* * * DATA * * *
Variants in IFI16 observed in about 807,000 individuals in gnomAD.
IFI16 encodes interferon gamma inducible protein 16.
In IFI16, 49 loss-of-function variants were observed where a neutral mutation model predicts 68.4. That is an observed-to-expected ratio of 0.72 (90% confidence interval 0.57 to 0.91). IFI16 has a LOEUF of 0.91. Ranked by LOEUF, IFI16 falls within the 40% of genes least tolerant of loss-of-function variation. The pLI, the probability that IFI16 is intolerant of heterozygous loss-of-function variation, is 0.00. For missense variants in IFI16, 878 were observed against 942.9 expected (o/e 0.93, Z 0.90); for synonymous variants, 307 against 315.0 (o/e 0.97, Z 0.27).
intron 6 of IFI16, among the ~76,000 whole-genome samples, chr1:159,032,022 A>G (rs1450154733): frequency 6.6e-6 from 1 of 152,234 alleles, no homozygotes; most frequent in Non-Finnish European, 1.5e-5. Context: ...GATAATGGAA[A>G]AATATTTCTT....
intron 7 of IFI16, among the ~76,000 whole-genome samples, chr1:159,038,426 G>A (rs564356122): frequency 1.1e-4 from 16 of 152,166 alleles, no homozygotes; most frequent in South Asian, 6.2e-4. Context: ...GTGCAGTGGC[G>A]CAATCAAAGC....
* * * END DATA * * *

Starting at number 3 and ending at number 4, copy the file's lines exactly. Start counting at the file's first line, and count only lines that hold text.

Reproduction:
In IFI16, 49 loss-of-function variants were observed where a neutral mutation model predicts 68.4. That is an observed-to-expected ratio of 0.72 (90% confidence interval 0.57 to 0.91). IFI16 has a LOEUF of 0.91. Ranked by LOEUF, IFI16 falls within the 40% of genes least tolerant of loss-of-function variation. The pLI, the probability that IFI16 is intolerant of heterozygous loss-of-function variation, is 0.00. For missense variants in IFI16, 878 were observed against 942.9 expected (o/e 0.93, Z 0.90); for synonymous variants, 307 against 315.0 (o/e 0.97, Z 0.27).
intron 6 of IFI16, among the ~76,000 whole-genome samples, chr1:159,032,022 A>G (rs1450154733): frequency 6.6e-6 from 1 of 152,234 alleles, no homozygotes; most frequent in Non-Finnish European, 1.5e-5. Context: ...GATAATGGAA[A>G]AATATTTCTT....